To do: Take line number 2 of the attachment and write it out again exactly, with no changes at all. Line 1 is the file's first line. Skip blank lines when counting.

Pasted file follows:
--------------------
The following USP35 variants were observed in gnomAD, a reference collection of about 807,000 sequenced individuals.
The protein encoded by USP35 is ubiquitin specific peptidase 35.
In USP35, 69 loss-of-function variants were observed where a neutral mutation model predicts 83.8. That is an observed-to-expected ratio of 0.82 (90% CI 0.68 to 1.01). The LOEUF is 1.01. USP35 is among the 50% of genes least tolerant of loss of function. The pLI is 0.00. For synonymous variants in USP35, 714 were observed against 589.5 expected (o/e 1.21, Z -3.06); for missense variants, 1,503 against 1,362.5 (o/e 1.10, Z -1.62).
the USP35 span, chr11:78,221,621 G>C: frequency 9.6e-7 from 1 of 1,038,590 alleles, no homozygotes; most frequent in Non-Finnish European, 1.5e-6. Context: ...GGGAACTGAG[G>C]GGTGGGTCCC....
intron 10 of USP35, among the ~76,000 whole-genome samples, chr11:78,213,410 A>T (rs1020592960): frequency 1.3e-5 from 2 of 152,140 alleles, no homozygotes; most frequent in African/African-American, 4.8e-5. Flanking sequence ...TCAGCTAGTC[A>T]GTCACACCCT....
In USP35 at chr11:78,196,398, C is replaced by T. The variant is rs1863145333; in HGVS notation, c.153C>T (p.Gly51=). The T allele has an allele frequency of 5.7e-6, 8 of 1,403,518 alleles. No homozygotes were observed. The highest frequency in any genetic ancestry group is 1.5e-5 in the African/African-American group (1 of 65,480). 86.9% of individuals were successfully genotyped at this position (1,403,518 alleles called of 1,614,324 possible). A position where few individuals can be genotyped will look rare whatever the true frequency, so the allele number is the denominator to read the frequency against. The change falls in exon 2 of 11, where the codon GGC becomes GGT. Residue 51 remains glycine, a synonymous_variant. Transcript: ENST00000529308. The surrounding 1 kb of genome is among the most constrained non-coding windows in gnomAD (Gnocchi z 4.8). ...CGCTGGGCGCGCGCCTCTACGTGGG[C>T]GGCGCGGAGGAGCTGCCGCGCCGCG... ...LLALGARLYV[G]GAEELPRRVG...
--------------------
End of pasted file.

The protein encoded by USP35 is ubiquitin specific peptidase 35.